Spring has now arrived and in my garden plants are really moving into growth. The weather has been on the dry side with only 4mm of rain at the time of writing, for August we would expect 40mm so it is dry. The Spring bulbs will need to have some water if this dry spell continues so that they can grow well and be in good condition to produce flowers next year.

The apricot, peach and nectarine are in full flower now which is about 2 weeks earlier than usual so hopefully there will not be any hard frosts that can damage the flowers. The soil is now dry enough to dig over and work up to make a good friable soil ready for seed sowing or the transplanting of seedlings.

Winter flowering camellias should be pruned as they finish flowering to keep them in shape and in good condition to make next years flower buds on the new growth that they will make in the spring, this also applies to any other Winter flowering shrubs like Daphne etc.

Later in the month citrus can have a citrus fertiliser dressing around the drip line just before they start to grow, also a mulch should now be renewed or added around the drip line. Seed sowing of Summer vegetables and bedding plants may be started in the greenhouse to be ready for planting outside when the warmer weather arrives. Many perennials are starting to grow and cuttings can be taken now or plants can be lifted and divided to give new more healthy plants. Begonias will be starting to shoot away, place them in a warm place where they will get good light to develop strong shoots that can be used for cuttings.

Repot any plants in outside containers that have been in the pots for more than 2 or 3 years using a shrub and tub potting mix, before they start to grow this will keep them fresh and healthy.

The lawns are growing and will benefit from regular mowing. Fertilising and weed control are now important for the grass to grow well and form a good swarth ready for the warmer Summer temperatures. Any area of the lawn that has been compacted during the Winter would benefit from aeration by fork or coring, Sand in the cores will help to prevent this compaction.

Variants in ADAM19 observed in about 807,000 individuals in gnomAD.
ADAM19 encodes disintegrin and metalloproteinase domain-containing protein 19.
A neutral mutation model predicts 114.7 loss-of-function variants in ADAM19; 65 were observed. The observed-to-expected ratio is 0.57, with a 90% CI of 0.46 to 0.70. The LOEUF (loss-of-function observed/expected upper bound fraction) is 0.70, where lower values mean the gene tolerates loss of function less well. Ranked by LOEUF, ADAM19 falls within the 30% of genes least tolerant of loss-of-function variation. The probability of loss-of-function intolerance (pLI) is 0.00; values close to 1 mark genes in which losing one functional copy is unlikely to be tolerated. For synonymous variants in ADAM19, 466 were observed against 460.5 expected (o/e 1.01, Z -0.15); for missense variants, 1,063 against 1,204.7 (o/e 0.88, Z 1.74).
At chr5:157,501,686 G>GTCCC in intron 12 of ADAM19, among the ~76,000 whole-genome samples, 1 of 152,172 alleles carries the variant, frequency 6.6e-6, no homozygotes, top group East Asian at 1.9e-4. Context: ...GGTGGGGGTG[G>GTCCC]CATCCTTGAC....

As plants move into growth, pest and diseases will also begin to appear. It is important that these are controlled early before they become a problem.

Tomatoes may be planted in a warm green house to get some early fruit but it's better to wait until November if planting outside. Early potatoes that have been chitted can be planted but be prepared to protect them from any frosts once they have emerged from the ground.

Spring is a very busy time in the garden and much of what we do now will determine the results in the coming season. As they say, "well begun is half done" 

Enjoy your garden
Michael Coulter

We want your problems!

Have a gritty garden problem you can’t solve — or just need some general advice? Email your questions to info@chsgardens.co.nz by end of day Sunday and we will post them in our weekly newsletter (during COVID-19 shutdown). Oconsult our online facebook group